Establishment of this position was driven by the organization’s tremendous growth and the increasing demand for environmental programming in Loudoun County. The organization’s Board of Directors recognized that in order to keep pace with this demand, and to demonstrate its commitment to the future, it needed the leadership of an Executive Director.

Loudoun Wildlife Conservancy, a nonprofit with approximately 1,000 members, was formed in 1995 by a small group of local citizens who recognized that the county’s explosive growth was resulting in a tremendous loss of habitat, the greatest threat to wildlife. This small group of people wanted to ensure that Loudoun had a voice for its wildlife and the natural habitats that wildlife needs to thrive.

To this end, Loudoun Wildlife Conservancy is entering its 20th year promoting the preservation and proliferation of healthy wildlife habitats by offering environmental education, citizen science, and habitat restoration projects, as well as advocacy on issues affecting the health of wildlife and the habitat that wildlife needs to thrive. Not only wildlife but thousands of people benefit from these opportunities annually.

Upon accepting the role, Hamilton said, “It’s exciting seeing Loudoun Wildlife Conservancy continue to develop and grow. We often wonder how organizations become part of our community and here we are creating it. We’re developing an organization that will endure and benefit future generations.”

Hamilton first volunteered with Loudoun Wildlife Conservancy in 2003 when she was asked to join the Board. She was President from 2004-2008 and again from 2012 through this new transition. While leading the organization, she established Loudoun Wildlife’s Bluebird Nestbox Monitoring program through a partnership with the Virginia Bluebird Society, developed the Loudoun Amphibian Monitoring Program, created the Field Guide to the Butterflies of Loudoun and most recently launched the organization’s Monarch butterfly campaign, “Bringing Back the Monarch, Keeping the Magic Alive”.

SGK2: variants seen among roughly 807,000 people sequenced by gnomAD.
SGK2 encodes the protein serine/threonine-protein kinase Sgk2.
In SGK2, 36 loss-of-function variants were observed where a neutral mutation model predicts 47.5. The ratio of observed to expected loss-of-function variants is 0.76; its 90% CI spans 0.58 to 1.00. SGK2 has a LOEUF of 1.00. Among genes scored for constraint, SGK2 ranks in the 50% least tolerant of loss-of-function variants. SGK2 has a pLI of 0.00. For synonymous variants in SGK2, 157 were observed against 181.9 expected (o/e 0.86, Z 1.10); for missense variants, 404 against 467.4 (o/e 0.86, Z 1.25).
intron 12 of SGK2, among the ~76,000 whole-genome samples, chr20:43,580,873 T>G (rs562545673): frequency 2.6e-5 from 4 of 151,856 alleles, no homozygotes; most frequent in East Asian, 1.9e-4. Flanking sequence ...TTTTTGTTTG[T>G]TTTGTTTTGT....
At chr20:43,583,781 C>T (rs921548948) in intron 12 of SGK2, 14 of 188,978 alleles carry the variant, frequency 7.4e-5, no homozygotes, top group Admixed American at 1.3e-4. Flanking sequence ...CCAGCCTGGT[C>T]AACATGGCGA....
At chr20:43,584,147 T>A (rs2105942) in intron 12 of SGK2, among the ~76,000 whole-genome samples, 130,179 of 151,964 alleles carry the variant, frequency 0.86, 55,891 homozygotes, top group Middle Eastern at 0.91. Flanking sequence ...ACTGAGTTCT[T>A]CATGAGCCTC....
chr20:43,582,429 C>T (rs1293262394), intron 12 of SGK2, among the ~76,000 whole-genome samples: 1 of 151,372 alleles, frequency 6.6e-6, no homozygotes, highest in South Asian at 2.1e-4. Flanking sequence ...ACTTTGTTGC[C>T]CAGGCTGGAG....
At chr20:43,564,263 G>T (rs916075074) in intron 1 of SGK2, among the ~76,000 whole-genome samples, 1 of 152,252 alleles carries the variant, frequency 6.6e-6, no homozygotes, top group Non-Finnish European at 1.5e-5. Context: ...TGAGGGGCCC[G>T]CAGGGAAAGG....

Hamilton holds a Master of Business Administration and worked for 19 years with Booz Allen Hamilton as a Senior Associate leading a portfolio of Strategic Planning and Organization Transformation projects with an annual revenue of $12M.


Those with an iPhone won’t be too excited….(they already have this app and its old hat by now) but for those of us birders who use Android….mark your calendar for Nov 18th to download :) !

Here’s the news release:

BirdsEye for Android

Launching on Tuesday, November 18

It’s been in the works for years, and now the best bird finding app is coming to Android! BirdsEye uses your Android devices GPS and eBird data to show you the what birds you might find nearby, or at any place in the world. Even more exciting is that BirdsEye for Android is launching as a free app.

The free version of BirdsEye is limited to the 50 most common birds in your area. This is true for any location you are in the entire world – you’ll see sighting maps, photos, bird finding and identification text, and sounds where available. Additional regional memberships are available to unlock ALL species being reported throughout a continent, or across the world.

Android users have been asking for BirdsEye for years, and we are excited to finally make it available. This milestone was made possible through the generous donations of time and funds by many people, and we are counting on you, our most avid users, to spread the word of the Android launch and make it a success.